Years ago, it would've involved shots, faux bridal veils, strippers, singles, catcalls, and inappropriate flesh-colored straws. Instead, we lounged poolside in a cabana, sipped champagne, wore sunscreen, and took naps.
The bride opened gifts of beautiful lingerie that made me envy her new lacy wardrobe. Someone gifted her a leather whip and a Michael Jackson red leather glove. I didn't even ask. A whipping glove for the bedroom? Someone means business and is stuck in the 80's.
Our bride gave a heartfelt speech telling everyone how much they meant to her. The closest we got to men was a group of guys who presented the bride a shot of Patron Silver, which we shared while discussing how to appropriately remember the groom's mother at the wedding. She passed away several years ago. On her deathbed, she told her son if he's smart, he'd marry this girl. The woman deserves a shrine.
What's great about spending time with friends you've known for a lifetime is the conversations that remind you of who you were before life got serious. It's easy to get caught up in the present moment, fixing the current problem, achieving the next goal. It's refreshing to talk about simpler times when we were kids. And also to vent about life with people who remember us as teenagers and don't know everything that's happened in between.
I don't know why I bothered to download a sweet 90's playlist on Spotify. I thought we'd sing along and recall memories of high school dances and dates. We didn't listen to a single song during the drive to Palm Springs or the way back. The four of us jousted verbally, one-upping each other with something truly horrifying or awesome, but more often horrifying. When one girl took a breath, another jumped in with a piece of advice or a snarky joke or highjacked the conversation with her own sordid tale. In the end, it was like an episode of Dr. Phil. Not Maury Povich. Nobody's worried about who's the father. What kind of people do you people think I associate with?
It was one of those conversations that inspired me to click back on this blog. The last time was September of 2011. Nearly three years ago. It's about time.
I was talking to my girlfriend Melisa about my father's Parkinson's disease and she said to cherish every moment I have with my father. When we were kids, she lived around the corner from me, so I would always run away to her house when my parents and I had a fight. When they couldn't find me, they'd call her mom to send me home, but at least I had made my point. Life sucks without me! I also spent a few afternoons hiding in my closet hoping my mom would look for me and call the cops to report a missing child and I'd come out acting all sleepy and say, mom, I fell asleep in the closet because I was cleaning it and she'd cry tears of relief and feel proud that her daughter was practically Cinderella, exhausted from cleaning so much. Nevermind the rest of my room was a disaster. She never did come looking for me. I'd get bored of waiting and pretend-sleeping in my closet and come out for a sandwich.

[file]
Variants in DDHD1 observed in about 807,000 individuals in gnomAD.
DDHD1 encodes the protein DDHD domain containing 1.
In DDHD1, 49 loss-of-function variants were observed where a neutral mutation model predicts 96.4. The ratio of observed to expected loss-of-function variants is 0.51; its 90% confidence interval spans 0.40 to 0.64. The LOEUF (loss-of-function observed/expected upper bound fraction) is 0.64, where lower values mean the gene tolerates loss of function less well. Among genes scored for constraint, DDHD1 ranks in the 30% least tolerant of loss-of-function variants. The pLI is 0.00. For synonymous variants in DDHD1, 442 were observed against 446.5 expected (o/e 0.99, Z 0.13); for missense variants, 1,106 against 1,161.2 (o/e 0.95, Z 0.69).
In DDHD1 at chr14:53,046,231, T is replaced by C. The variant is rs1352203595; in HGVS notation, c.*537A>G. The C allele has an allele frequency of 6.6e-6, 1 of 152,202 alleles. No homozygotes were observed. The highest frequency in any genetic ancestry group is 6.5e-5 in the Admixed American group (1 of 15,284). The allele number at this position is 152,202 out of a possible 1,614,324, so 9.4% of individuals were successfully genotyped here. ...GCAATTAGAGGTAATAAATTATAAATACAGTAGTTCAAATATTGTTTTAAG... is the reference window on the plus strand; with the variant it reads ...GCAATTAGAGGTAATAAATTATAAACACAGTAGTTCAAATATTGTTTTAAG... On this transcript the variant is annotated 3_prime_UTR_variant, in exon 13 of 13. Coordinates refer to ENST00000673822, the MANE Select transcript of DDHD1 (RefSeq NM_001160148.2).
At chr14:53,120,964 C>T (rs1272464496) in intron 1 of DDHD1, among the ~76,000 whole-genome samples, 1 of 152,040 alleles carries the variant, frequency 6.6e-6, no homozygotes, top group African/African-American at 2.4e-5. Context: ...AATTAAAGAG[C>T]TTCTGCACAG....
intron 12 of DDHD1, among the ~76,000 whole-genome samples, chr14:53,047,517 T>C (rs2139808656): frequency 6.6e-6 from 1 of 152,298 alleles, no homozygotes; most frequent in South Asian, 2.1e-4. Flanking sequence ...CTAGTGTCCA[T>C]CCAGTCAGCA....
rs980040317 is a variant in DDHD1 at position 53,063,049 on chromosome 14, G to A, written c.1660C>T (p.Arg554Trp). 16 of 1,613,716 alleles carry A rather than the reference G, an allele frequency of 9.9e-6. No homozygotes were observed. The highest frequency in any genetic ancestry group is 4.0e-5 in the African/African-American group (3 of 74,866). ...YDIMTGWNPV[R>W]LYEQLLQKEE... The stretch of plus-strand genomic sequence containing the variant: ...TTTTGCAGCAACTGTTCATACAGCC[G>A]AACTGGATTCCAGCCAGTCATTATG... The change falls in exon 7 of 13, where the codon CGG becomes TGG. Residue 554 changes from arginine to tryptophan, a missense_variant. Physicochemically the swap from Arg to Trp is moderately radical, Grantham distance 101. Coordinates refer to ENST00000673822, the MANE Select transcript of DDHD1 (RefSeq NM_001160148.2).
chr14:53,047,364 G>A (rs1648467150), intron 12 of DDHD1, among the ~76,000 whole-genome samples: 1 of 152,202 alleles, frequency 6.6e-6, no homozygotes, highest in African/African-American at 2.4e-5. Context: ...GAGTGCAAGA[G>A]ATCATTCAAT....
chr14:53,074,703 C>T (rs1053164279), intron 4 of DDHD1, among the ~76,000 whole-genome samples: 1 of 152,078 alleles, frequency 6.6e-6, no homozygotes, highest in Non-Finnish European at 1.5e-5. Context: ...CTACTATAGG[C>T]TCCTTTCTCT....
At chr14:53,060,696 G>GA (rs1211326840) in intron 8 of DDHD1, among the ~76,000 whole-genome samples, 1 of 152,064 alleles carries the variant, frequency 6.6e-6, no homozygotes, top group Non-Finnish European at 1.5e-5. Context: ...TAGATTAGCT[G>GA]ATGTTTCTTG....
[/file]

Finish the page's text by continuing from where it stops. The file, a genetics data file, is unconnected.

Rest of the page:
Melisa says she remembered waking up at my house and instead of watching TV I'd be at the kitchen table reading the newspaper next to my dad. She says she thought it was strange, but remembered it fondly, like I was trying to be just like my dad. She didn't realize I wasn't copying my dad, I just loved to read. So did my dad and that's why we were fighting over sections of the newspaper. My little brother also started drinking coffee as a toddler. Black, like my parents drank it. We were little adults, or just wanting to show our parents we were just as smart as they were. Two against two.
Still, that memory triggered all sorts of memories of loving to read, which I still love to do, but it also reminded me that I love to write.
I am a romantic writer at heart. I love passionate, dramatic, sometimes scary and wistful stories and observing people and acting like I know what they're thinking and making up a story about it. I write about what excites me. A friend once said it's like I have a marching band playing in my head. That's why writing about challenges has always been easier for me on the other side of the journey, because then I can act wise and give advice to everyone else after I've learned through my own crappy experiences.
Spending the weekend with lifelong friends made me feel renewed and reminded me of something that makes me happy. And clicking on this site and seeing that people still visit it everyday to find a photo from three years ago put a fire under me to do a little writing this morning.
I also got blonder and Instagram happened. Thanks filters!